Ben Houchen: From upping political engagement to being free to innovate, devolution has huge potential

Devolution has received a mixed reception across the political spectrum, but it has the power to inspire political engagement, and with that to increase the participation of citizens in the apportionment of power, responsibility, and freedom.

As it stands today, nine areas of England have metro mayors, and the other three home nations have their own legislatures. The comparative advantages and disadvantages of these approaches are often discussed, but with the exception of London, the metro mayoralties are new institutions. This form of devolution is in its infancy, and the perception of its success or failure is more likely to be judged on how it develops from this point onwards than on its results so far.

There have been six separate ‘devo-deals’ in Greater Manchester — the flagship home of the Cameron-Osborne-era devolution agenda — each conferring additional powers and resources. In context, Manchester was even ahead of London in terms of devolved health and social care, while powers are still being mooted for the other ‘city regions’. This is clear evidence of the transfer of powers happening at different speeds in different areas, as intended.

In both London and Greater Manchester, the mayors have the responsibilities that are, in other areas, shouldered by the police and crime commissioners and fire authorities. As it stands, those latter roles could hypothetically be merged with existing mayoral roles, where police and fire authority boundaries are contiguous with mayoral areas.

Scotland is alone in having gained significant devolved power over taxation, which, if wielded by a government minded to respect or even extend individual freedom, could be a powerful tool. Under current rules, the Scottish Government can add or remove up to ten pence in the pound from each income-tax band, as well as controlling air passenger duty (APD). Metro mayors in the English regions have the power to levy a precept of up to 2 per cent of council tax, and some are allowed to retain 100 per cent of business rates.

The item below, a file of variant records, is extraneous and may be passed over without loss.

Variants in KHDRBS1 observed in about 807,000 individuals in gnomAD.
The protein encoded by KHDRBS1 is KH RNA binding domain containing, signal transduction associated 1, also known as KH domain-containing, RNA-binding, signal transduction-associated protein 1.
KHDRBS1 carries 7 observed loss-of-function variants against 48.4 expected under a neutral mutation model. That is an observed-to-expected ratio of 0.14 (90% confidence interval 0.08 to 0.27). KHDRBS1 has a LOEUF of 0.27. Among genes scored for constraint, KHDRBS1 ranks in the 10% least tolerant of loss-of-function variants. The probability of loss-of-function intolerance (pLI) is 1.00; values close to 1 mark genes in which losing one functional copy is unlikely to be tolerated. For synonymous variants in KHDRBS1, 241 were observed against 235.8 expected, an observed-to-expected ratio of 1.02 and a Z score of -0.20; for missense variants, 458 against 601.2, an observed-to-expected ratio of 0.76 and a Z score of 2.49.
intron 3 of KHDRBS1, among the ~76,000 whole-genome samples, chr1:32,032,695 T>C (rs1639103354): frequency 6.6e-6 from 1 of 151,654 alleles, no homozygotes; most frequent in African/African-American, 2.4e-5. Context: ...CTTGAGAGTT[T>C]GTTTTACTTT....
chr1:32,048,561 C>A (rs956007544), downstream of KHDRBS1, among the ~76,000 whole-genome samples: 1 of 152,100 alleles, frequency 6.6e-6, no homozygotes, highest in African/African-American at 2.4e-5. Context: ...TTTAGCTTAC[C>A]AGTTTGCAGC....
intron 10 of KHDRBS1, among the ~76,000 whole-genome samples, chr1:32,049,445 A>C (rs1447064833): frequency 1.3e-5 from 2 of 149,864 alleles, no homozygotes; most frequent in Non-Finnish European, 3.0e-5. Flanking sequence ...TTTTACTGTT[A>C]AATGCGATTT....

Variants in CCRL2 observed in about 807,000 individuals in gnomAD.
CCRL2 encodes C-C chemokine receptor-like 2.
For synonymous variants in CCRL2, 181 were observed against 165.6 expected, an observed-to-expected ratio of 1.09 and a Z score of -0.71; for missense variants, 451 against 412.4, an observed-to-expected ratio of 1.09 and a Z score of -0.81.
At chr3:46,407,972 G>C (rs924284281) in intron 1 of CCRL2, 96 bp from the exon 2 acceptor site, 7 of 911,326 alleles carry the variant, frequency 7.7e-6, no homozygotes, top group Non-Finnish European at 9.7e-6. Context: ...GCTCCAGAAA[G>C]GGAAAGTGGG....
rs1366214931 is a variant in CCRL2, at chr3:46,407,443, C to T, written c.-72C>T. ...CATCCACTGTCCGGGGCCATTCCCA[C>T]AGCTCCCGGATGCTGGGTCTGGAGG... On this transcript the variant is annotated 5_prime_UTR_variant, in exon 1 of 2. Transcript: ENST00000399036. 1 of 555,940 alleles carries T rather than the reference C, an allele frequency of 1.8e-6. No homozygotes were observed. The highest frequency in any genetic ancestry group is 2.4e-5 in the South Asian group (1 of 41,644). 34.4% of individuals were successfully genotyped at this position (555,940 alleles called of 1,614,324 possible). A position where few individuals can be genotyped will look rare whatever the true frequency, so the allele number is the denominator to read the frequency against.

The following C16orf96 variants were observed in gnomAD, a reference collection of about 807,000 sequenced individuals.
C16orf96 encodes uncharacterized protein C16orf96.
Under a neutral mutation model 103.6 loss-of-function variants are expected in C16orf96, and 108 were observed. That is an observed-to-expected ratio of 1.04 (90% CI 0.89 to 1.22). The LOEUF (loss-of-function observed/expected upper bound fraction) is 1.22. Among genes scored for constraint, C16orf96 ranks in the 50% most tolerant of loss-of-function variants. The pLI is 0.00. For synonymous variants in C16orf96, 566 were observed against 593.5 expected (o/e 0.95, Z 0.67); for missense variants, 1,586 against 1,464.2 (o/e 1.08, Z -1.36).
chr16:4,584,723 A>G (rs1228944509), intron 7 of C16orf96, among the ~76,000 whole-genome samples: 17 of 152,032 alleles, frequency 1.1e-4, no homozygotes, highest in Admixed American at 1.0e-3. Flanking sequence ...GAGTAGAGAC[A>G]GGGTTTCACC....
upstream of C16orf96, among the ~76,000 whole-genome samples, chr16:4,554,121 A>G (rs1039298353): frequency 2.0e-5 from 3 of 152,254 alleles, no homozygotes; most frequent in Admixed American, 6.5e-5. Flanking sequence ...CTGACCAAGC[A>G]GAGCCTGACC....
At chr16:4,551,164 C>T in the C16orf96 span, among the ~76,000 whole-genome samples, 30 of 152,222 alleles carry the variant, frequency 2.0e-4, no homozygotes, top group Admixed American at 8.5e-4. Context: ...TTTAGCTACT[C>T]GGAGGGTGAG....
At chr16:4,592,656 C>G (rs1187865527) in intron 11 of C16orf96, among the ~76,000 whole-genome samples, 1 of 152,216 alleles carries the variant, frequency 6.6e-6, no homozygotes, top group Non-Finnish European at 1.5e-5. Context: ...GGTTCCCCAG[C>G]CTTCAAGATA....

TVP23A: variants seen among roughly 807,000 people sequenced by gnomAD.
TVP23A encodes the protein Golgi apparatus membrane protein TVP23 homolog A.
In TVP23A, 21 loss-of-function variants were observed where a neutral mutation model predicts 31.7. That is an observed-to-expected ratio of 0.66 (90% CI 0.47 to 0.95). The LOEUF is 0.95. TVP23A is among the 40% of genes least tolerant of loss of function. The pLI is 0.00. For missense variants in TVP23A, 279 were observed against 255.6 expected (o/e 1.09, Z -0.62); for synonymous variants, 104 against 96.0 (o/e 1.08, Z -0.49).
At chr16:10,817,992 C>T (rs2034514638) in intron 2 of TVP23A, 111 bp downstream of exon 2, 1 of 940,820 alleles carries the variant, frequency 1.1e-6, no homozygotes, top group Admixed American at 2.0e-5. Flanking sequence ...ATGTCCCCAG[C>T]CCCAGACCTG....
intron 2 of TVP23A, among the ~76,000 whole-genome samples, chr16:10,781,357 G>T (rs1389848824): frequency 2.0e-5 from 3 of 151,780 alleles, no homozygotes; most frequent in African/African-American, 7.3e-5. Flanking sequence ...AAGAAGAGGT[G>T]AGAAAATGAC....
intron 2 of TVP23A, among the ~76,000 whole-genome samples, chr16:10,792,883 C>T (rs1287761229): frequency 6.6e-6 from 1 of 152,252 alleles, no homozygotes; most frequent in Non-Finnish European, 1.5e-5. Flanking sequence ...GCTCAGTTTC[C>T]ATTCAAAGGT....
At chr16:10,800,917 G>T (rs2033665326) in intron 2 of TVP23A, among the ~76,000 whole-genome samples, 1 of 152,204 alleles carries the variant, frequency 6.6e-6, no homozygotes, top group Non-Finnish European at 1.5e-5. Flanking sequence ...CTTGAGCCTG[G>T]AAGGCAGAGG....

The Scottish Government has chosen to lift the tax burden slightly for low earners, and to attempt to balance this out with increased taxes on higher salaries. Only time will tell what the results of this are, but the principle exists: different parts of the UK can have different rates of tax. While regional income-tax variations would undoubtedly raise eyebrows at the Treasury — given the technical complexity of implementing such a scheme — there is no overarching moral reason why voters in England shouldn’t have the same power over the taxes they pay.

Indeed, a combination of powers over the retention of business rates, and the ability to scrap minor tariffs like APD, could give metro mayors the tools they need to supercharge their regions’ economies. Of course, some people might choose to elect high-tax, anti-growth collectivists, and be content to pay the economic price. But gaining the chance to have a greater say over economic policy — and seeing the consequences of their democratic choices in action — would, I believe, most likely result, overall, in people opting for lower taxes, more growth, and more jobs.